Thermal Engineers Wasting Time with Legacy Simulation Tools

24 October, 2017

71% of thermal engineers are not completely satisfied with their simulation software according to our latest report, the State of Thermal. There are many factors behind this dissatisfaction, but one of the biggest frustrations we uncovered with many simulation tools is that key processes such as importing CAD, building models and solving are simply too time consuming.

That is not to say that accurate simulation doesn’t require a certain amount of time. However, the reality is that many engineers are spending much longer than necessary as a result of slow or poorly designed thermal simulation software packages.

Our data shows that there are significant differences in usability and solve time offered by different thermal simulation packages. These discrepancies are clear for a range of the key steps in the simulation process:

  • 30% of thermal engineers have to spend over a day building their models, while 37% spend less than an hour
  • 41% also say that they will typically spend over an hour gridding their design while 10% will spend more than a day
  • 66% of thermal engineers spend up to a day or more solving their simulations – and yet 32% say they can complete  this step in under an hour

Taking a long time at each step quickly adds up, resulting a slow time-to-solution. But it needn’t be so. Our data showed that with 6SigmaET, many key simulation functions could be completed in under an hour. 56% of 6SigmaET users said they could import CAD data in under an hour (compared to 37% of FloTherm users). 36% said they could build a model within an hour (compared to 21% of FloTherm users). And 60% said they could finalise their gridding in under an hour (compared to only 42% of FloTherm users).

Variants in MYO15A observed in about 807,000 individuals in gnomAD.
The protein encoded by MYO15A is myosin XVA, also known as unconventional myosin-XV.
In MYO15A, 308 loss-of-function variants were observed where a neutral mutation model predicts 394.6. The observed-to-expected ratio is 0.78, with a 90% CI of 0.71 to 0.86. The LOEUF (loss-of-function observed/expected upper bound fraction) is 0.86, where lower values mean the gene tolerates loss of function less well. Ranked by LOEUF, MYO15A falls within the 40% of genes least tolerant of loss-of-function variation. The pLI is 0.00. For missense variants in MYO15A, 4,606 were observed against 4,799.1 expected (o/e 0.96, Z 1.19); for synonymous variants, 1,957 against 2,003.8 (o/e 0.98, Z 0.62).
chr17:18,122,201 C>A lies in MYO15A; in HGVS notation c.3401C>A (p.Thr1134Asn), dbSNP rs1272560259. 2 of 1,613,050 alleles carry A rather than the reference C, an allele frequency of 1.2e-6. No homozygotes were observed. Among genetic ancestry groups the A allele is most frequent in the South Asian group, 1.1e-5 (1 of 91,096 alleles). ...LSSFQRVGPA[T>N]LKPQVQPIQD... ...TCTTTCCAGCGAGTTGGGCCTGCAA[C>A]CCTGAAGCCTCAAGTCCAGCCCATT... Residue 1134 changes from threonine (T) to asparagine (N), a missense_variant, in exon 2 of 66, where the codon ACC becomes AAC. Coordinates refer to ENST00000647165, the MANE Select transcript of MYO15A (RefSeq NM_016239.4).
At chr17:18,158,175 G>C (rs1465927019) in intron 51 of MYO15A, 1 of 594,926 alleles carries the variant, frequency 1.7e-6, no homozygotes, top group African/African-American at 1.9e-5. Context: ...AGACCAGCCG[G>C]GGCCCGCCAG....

This is backed up by a recent study conducted by Rohde & Schwarz which highlighted that, in a side-by-side evaluation, 6SigmaET was found to deliver a 35% increase in project efficiency compared to other, market leading, thermal simulation solutions.

Clearly, engineers don’t need to be wasting so much time with inefficient, legacy, simulation tools. Our research makes it plain that there are tools available that would enable engineers to realise major time and efficiency savings.

Despite this, 40% of the thermal engineers we surveyed have never switched tools, while a further 18% last switched more than 3 years ago. So why do so few engineers switch simulation tools? Is it perhaps an unwillingness to disrupt work flow in the short term while adapting to a new tool?

Of course, in the short term disrupting workflows can be problematic. But given the time – and therefore cost – savings that can be made with more modern and innovative simulation packages, organisations really need to be giving serious consideration to whether legacy simulation tools can deliver the performance they need.